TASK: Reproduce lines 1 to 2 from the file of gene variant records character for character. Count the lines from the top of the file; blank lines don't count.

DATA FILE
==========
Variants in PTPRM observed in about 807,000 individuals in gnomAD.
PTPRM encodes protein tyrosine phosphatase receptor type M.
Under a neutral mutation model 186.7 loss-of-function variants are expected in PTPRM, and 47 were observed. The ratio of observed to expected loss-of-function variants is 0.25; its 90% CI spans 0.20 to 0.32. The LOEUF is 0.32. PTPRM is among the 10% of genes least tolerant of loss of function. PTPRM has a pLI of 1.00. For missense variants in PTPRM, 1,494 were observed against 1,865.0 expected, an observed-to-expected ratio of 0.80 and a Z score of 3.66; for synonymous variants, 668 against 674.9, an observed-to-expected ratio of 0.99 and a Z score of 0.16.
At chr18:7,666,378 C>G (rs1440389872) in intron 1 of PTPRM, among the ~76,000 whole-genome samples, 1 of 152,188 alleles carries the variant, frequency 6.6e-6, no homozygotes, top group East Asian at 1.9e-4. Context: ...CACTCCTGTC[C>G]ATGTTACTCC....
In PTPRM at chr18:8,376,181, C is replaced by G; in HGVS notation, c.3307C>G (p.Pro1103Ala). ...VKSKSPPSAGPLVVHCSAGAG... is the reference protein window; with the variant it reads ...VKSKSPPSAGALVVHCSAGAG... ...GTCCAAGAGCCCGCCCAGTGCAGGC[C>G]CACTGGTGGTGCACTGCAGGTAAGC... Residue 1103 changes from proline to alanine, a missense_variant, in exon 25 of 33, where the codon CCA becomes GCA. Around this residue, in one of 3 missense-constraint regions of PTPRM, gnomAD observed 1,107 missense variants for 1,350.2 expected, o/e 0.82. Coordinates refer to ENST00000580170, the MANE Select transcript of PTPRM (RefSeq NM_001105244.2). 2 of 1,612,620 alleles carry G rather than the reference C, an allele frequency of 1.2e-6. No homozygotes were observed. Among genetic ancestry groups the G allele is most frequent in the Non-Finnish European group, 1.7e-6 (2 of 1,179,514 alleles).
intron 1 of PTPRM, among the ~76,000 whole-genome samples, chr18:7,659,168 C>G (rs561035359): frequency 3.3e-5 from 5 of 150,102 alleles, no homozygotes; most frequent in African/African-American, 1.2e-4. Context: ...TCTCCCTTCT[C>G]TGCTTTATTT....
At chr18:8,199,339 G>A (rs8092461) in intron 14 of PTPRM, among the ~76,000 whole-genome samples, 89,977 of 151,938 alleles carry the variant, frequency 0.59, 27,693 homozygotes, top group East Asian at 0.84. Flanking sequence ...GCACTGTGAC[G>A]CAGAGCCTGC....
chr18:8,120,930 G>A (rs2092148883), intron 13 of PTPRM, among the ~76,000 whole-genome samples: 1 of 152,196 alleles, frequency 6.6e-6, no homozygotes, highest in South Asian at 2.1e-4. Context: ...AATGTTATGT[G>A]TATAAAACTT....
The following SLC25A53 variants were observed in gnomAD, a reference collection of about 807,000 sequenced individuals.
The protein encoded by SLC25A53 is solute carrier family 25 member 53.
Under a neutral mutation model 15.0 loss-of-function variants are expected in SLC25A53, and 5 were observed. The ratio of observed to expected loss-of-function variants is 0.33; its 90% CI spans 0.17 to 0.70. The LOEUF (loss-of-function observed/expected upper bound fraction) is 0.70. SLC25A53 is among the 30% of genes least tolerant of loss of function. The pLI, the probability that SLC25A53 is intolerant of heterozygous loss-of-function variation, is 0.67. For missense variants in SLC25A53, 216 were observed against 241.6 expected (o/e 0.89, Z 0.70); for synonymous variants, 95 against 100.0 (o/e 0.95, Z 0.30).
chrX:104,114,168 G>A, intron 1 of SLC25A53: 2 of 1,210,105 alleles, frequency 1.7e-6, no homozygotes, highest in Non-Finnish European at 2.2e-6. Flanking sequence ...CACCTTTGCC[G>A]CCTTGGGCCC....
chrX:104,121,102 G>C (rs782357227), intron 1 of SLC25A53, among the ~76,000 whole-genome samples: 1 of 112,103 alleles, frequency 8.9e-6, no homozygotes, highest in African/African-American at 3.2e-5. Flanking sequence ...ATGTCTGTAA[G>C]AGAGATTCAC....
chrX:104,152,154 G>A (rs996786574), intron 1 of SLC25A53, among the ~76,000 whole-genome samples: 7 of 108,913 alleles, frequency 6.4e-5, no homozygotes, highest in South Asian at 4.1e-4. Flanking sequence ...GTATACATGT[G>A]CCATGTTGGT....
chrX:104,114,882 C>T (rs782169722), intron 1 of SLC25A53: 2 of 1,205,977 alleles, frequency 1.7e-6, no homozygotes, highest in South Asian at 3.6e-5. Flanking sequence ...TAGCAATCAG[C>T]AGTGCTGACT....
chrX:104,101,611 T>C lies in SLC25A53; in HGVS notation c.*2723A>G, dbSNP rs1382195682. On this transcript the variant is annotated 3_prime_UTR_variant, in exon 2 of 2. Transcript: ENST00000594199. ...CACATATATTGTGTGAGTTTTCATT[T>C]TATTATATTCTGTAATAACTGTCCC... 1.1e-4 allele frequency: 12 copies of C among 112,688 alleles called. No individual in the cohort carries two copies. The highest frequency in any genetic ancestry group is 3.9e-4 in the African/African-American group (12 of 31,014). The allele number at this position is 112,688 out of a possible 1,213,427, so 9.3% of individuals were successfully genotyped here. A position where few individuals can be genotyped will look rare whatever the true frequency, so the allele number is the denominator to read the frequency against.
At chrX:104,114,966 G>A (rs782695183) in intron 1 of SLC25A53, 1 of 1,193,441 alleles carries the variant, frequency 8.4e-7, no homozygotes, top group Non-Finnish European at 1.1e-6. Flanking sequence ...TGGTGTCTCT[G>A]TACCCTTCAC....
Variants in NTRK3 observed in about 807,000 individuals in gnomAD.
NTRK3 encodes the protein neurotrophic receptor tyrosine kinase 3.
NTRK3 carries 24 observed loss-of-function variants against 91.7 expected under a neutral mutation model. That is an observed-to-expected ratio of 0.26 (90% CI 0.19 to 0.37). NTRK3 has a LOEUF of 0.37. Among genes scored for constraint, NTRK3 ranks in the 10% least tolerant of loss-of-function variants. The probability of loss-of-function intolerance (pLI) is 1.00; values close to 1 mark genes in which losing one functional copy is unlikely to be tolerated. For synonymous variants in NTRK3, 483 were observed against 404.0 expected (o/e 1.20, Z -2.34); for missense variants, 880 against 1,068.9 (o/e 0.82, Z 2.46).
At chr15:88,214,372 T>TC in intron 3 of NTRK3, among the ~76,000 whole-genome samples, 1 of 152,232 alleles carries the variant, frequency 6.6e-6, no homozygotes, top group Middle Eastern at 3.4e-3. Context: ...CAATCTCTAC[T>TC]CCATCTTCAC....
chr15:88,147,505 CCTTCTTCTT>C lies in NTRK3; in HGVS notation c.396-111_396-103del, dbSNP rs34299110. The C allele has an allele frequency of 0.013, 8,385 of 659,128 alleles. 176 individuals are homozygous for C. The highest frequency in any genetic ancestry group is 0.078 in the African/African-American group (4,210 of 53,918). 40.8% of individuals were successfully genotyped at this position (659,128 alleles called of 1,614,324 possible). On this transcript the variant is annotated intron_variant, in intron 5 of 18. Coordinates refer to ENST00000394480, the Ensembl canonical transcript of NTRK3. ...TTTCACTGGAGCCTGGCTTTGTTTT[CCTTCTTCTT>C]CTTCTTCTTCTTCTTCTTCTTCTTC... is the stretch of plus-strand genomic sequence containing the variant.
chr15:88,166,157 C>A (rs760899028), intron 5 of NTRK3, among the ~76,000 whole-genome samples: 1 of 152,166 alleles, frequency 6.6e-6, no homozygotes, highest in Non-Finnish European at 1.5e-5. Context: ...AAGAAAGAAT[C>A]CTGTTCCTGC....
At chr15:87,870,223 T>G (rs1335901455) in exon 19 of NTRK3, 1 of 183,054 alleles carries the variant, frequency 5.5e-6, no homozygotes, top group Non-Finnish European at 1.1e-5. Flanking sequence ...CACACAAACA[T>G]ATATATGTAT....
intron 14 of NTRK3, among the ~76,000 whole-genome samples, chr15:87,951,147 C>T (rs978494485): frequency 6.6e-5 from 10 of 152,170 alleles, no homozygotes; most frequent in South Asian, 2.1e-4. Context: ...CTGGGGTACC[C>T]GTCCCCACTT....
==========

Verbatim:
Variants in PTPRM observed in about 807,000 individuals in gnomAD.
PTPRM encodes protein tyrosine phosphatase receptor type M.